I spent the entire night, last night, October 9, in the Emergency Room at Lenox Hill Hospital in New York City, at my own personal ground zero. I've been in New York since September 28. A family crisis called me back home and I'm certain others facing similar situations, are also returning to this shaken city. The shock waves of September 11 still reverberate, and for many, the impact is physical. Heart attacks, strokes, bad backs, kidney failure, all signs of somatic trauma are occurring everywhere, not just New York, as we continue to process the stress.
As I stood outside the hospital at 3:00 AM, waiting for my 82-year old stepfather to be admitted to the third hospital in almost as many weeks, I wondered what I would write. Another Mercury Retrograde column, offering advice about circumventing computer hassles seemed irrelevant, especially as I contemplated my stepfather's condition and how my 81-year old mother was handling the tension. But a snappy retrograde column seemed particularly superfluous as my attention was drawn to the walls and doors of the hospital. They were covered with pictures of loved ones&emdash;mothers, fathers, wives, husbands, sisters, brothers, and children&emdash;lost In the World Trade Center disaster. I'd seen those flyers on the news, and while heartbreaking at a distance, up close and personal, the pain and grief became palpable.
In the middle of the night, I felt the casualties of our current holy war. You don't have to be a rocket scientist or even an astrologer to recognize the world is caught in the grip of a massive, grinding global shift. The Pluto Saturn opposition is an energetic component of this cyclone of change, and a historical study of previous hard Pluto Saturn configurations reveals the potency of this volatile combination.
But beneath the movement of the stars, the unfathomable journey of human life continues. As the I Ching teaches, life expands and contracts. That's all it does. We get born and we die. And what happens in between&emdash;who we love, how we love, and what we make of our lives&emdash;isn't necessarily dependent on our ideology. A capitalist loves as deeply as a communist, and the loss of a child is as devastating to an Israeli mother as it is to a Palestinian mother. Under the rhetoric, death rips a hole in your heart and no matter what language you pray in, that gaping wound only hurts.
How we live is what matters. Taking the time to touch another heart is what endures. Just as the people in the World Trade Center counted on doing what they always did that dreadful day, most of the people in the Emergency Room last night didn't wake up in the morning expecting themselves to be on a gurney. Most of us don't anticipate something horrible happening, which is why we're so shaken when it does. We simply live life as it comes, reaching for whatever will make us happy, never thinking about how tenuous life truly is.
Muslim, Christian, Atheist, Jew, Buddhist, or Hindu, the mystery of life is exactly the same. We can cling to a philosophy or ideology, religious or secular, and insist we're right, but when someone we love is suffering, a soothing touch has more power than a slogan and a kiss generates greater healing than a vote.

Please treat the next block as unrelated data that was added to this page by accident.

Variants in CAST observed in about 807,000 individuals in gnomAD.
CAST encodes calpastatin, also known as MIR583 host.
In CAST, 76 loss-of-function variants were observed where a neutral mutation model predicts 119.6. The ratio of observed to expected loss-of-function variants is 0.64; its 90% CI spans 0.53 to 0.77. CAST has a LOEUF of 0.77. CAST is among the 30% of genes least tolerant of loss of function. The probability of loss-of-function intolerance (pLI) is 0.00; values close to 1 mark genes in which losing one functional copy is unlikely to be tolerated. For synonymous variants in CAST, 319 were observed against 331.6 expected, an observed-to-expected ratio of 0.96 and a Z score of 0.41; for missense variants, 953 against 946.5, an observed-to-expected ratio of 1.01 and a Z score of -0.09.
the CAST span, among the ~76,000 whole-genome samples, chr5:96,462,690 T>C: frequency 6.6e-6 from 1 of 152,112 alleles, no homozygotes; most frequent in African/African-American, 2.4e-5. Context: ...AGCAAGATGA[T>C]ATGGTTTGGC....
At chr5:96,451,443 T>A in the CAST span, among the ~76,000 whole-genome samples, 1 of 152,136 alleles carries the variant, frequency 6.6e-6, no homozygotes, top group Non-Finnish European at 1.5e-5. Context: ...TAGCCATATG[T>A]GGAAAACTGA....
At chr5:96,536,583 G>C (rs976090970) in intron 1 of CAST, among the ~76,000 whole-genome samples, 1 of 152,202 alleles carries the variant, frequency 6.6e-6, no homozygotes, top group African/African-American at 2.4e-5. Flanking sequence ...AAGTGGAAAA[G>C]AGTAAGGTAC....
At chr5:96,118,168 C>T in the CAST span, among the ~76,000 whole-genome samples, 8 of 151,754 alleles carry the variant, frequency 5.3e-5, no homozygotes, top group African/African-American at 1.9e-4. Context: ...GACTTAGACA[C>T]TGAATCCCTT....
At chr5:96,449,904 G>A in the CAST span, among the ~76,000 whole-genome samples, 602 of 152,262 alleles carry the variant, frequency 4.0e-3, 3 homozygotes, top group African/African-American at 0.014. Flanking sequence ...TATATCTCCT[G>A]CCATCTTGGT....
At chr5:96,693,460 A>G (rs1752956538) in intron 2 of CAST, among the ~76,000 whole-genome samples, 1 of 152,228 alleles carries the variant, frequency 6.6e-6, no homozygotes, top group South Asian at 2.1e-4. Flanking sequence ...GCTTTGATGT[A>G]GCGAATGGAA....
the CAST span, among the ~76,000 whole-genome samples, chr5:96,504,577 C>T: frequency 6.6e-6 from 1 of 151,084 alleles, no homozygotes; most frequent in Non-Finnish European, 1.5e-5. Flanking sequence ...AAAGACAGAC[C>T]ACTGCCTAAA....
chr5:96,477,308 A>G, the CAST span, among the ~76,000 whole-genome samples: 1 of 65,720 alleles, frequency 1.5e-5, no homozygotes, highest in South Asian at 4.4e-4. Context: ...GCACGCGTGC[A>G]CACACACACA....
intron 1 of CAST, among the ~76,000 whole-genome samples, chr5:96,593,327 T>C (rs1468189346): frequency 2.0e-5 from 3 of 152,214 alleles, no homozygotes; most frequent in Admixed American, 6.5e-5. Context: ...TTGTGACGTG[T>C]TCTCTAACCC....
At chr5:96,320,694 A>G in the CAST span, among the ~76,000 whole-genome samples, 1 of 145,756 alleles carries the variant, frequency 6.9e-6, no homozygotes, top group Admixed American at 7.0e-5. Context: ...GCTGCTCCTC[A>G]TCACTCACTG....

Free, enslaved, destitute, or prosperous, no matter what age, size, shape, race, or gender, war harms life. Statistics don't feel pain. People do. Animals do. The Earth shudders with each and every blow. And the truth of that undeniable, specific, individual pain cuts through the illusion of opinion and righteousness to reveal the fragility of human life.
The Pluto Saturn opposition illuminates the shadows of that frailty. Pluto is in Sagittarius, the Sign where we struggle to make sense of the human condition. Its symbol is the Centaur, who represents the challenge of synthesis. His arrow reaches for the stars. His body walks on all fours. This is the conundrum of being human. Our consciousness perceives the possibilities of greater understanding. Our instincts pulse to primitive and primordial urges. There is no one belief system capable of containing or explaining the vastness of human experience and at the same time, any belief system, lived with the desire to honor life itself, becomes a path to enlightenment.
Saturn is in Gemini, the Sign of information. Symbolized by the Twins, Gemini represents the dual nature of reality. There's always another side. There's always more to know. But it's all too easy to be overwhelmed by too much information, especially when we lack the skill to sort through the data and discern what's important and what isn't. We live in the Information Age, where we can access and download the facts about anything--bombs, munitions, flight simulators, as well as cutting edge medical information capable of saving life. As this enormous expansion of knowledge collides with our primitive drives, it's exacting a terrible toll. But it's not the information that's scary. What's frightening is our inability to integrate the data and turn it into wisdom.
My stepfather is a man of character and principle. He's lived his life with a sincere desire to make a difference in the world. Now, as he faces the limitation of the body, his desire to be of service is honorable and his philosophy valuable. But last night, as he waited in the hallway of the hospital, what brought him peace was holding the hand of the woman he loves and feeling the comfort of her presence. Ideas, no matter how deep, are machinations of the mind. Hearts know the truth.